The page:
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Adsorbate-induced curvature and stiffening of graphene.

Svatek SA, Scott OR, Rivett JP, Wright K, Baldoni M, Bichoutskaia E, Taniguchi T, Watanabe K, Marsden AJ, Wilson NR, Beton PH - Nano Lett. (2014)

Bottom Line: This effect arises from a curvature-dependent variation of a moiré pattern due to the mismatch of the carbon-carbon separation in the adsorbed molecule and the period of graphene.The effect is observed when graphene is transferred onto a deformable substrate, which in our case is the interface between water layers adsorbed on mica and an organic solvent, but is not observed on more rigid substrates such as boron nitride.Our results show that molecular adsorption can be influenced by substrate curvature, provide an example of two-dimensional molecular self-assembly on a soft, responsive interface, and demonstrate that the mechanical properties of graphene may be modified by molecular adsorption, which is of relevance to nanomechanical systems, electronics, and membrane technology.

View Article: PubMed Central - PubMed

Affiliation: School of Physics and Astronomy, University of Nottingham , Nottingham NG7 2RD, United Kingdom.

ABSTRACT
The adsorption of the alkane tetratetracontane (TTC, C44H90) on graphene induces the formation of a curved surface stabilized by a gain in adsorption energy. This effect arises from a curvature-dependent variation of a moiré pattern due to the mismatch of the carbon-carbon separation in the adsorbed molecule and the period of graphene. The effect is observed when graphene is transferred onto a deformable substrate, which in our case is the interface between water layers adsorbed on mica and an organic solvent, but is not observed on more rigid substrates such as boron nitride. Our results show that molecular adsorption can be influenced by substrate curvature, provide an example of two-dimensional molecular self-assembly on a soft, responsive interface, and demonstrate that the mechanical properties of graphene may be modified by molecular adsorption, which is of relevance to nanomechanical systems, electronics, and membrane technology.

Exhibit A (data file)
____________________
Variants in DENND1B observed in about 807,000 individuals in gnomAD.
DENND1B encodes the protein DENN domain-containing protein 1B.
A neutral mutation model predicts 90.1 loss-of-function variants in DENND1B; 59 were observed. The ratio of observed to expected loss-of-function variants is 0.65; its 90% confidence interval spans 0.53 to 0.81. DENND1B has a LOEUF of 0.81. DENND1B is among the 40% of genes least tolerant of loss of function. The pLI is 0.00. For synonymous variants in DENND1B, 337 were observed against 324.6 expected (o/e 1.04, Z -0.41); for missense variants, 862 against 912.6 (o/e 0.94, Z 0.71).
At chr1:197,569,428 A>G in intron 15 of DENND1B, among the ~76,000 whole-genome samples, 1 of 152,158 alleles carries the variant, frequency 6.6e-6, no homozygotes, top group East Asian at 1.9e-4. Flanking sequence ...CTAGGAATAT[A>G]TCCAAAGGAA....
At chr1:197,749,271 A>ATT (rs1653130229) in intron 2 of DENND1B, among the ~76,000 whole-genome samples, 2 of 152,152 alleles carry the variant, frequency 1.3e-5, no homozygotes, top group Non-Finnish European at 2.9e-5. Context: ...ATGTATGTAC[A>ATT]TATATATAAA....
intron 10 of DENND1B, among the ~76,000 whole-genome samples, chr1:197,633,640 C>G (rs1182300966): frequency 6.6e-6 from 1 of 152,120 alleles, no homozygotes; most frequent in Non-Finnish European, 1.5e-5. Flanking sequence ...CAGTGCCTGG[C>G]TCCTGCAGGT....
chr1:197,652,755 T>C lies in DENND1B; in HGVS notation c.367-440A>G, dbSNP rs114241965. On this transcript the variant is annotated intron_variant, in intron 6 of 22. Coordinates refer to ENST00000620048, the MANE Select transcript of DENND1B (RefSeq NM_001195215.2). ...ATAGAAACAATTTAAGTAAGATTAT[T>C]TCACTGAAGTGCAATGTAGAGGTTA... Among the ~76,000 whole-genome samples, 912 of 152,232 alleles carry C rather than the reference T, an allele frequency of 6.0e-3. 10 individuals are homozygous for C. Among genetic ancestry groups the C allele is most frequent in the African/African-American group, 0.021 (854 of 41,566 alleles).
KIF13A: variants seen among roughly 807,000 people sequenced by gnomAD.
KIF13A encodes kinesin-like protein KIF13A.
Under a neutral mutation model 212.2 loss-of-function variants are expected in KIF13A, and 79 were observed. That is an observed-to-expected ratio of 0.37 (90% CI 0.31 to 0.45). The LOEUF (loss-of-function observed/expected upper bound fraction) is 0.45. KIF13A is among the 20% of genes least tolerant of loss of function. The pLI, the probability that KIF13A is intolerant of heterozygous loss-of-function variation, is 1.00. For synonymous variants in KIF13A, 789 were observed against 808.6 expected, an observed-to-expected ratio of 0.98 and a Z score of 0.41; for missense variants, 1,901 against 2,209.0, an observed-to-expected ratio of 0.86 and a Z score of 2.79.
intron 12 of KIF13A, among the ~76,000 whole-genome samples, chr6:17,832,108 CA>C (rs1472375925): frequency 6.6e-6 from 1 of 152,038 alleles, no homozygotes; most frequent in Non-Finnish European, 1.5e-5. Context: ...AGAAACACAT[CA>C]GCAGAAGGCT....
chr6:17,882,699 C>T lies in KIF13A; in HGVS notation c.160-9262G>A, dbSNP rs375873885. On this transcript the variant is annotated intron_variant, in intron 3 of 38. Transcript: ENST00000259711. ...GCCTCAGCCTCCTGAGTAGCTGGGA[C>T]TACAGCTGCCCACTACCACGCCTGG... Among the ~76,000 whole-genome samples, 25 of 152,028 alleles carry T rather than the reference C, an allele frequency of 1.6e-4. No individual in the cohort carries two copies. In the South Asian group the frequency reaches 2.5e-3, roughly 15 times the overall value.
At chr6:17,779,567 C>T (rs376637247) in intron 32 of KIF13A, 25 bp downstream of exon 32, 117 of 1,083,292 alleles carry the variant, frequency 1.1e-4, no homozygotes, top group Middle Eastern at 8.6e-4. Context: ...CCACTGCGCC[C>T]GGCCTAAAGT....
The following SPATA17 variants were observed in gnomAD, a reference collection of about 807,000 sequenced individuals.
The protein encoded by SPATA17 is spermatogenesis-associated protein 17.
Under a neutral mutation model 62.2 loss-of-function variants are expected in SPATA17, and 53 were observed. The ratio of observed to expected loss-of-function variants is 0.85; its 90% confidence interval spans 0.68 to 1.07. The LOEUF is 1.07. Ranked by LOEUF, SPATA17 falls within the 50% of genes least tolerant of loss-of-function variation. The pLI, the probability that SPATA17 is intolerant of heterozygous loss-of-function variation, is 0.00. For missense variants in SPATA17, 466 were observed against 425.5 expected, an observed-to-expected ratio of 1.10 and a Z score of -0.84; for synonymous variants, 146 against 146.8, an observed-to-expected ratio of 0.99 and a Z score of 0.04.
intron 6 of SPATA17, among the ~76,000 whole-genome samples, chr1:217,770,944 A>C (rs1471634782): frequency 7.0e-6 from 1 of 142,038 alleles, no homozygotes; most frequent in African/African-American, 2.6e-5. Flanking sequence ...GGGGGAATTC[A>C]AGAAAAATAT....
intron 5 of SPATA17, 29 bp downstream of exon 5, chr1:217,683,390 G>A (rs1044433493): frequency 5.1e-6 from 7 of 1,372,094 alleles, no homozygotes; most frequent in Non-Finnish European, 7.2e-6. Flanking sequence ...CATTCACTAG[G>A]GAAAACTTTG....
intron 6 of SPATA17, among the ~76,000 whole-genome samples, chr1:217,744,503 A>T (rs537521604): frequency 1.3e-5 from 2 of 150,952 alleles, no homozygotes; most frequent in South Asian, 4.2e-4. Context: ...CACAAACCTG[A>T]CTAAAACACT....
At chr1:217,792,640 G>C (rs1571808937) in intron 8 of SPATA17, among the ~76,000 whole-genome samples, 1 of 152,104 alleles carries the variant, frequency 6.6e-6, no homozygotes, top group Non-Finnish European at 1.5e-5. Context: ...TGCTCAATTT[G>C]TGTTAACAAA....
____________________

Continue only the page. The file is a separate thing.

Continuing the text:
No MeSH data available.


Related in: MedlinePlus

Comparison of the variationof heights across the lamellar rows for TTC adsorbed on differentsubstrates (extracted from images in Figure 1). For TTC on G/BN and G/mica with 1–3 water layers, the corrugationamplitude is below 0.1 nm. A larger and more regular corrugation isfound for >3 layers.
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fig2: Comparison of the variationof heights across the lamellar rows for TTC adsorbed on differentsubstrates (extracted from images in Figure 1). For TTC on G/BN and G/mica with 1–3 water layers, the corrugationamplitude is below 0.1 nm. A larger and more regular corrugation isfound for >3 layers.

Mentions: A comparison of the variation of heights across thelamellar rows for TTC adsorbed on different substrates is shown inFigure 2. When adsorbed on G/hBN the heightvariation is very low (<0.03 nm). On G/mica with 1–3 trappedwater layers the periodic structure is larger than, but still comparableto, the background roughness ∼0.05 nm. However, when adsorbedon regions where there are >3 trapped water layers, the heightvariation shows a clear periodicity with a peak-to-peak height of0.20–0.25 nm; these changes indicate that the underlying graphenesubstrate is deformable in regions where there are multiple trappedwater layers, and adopts a corrugated conformation.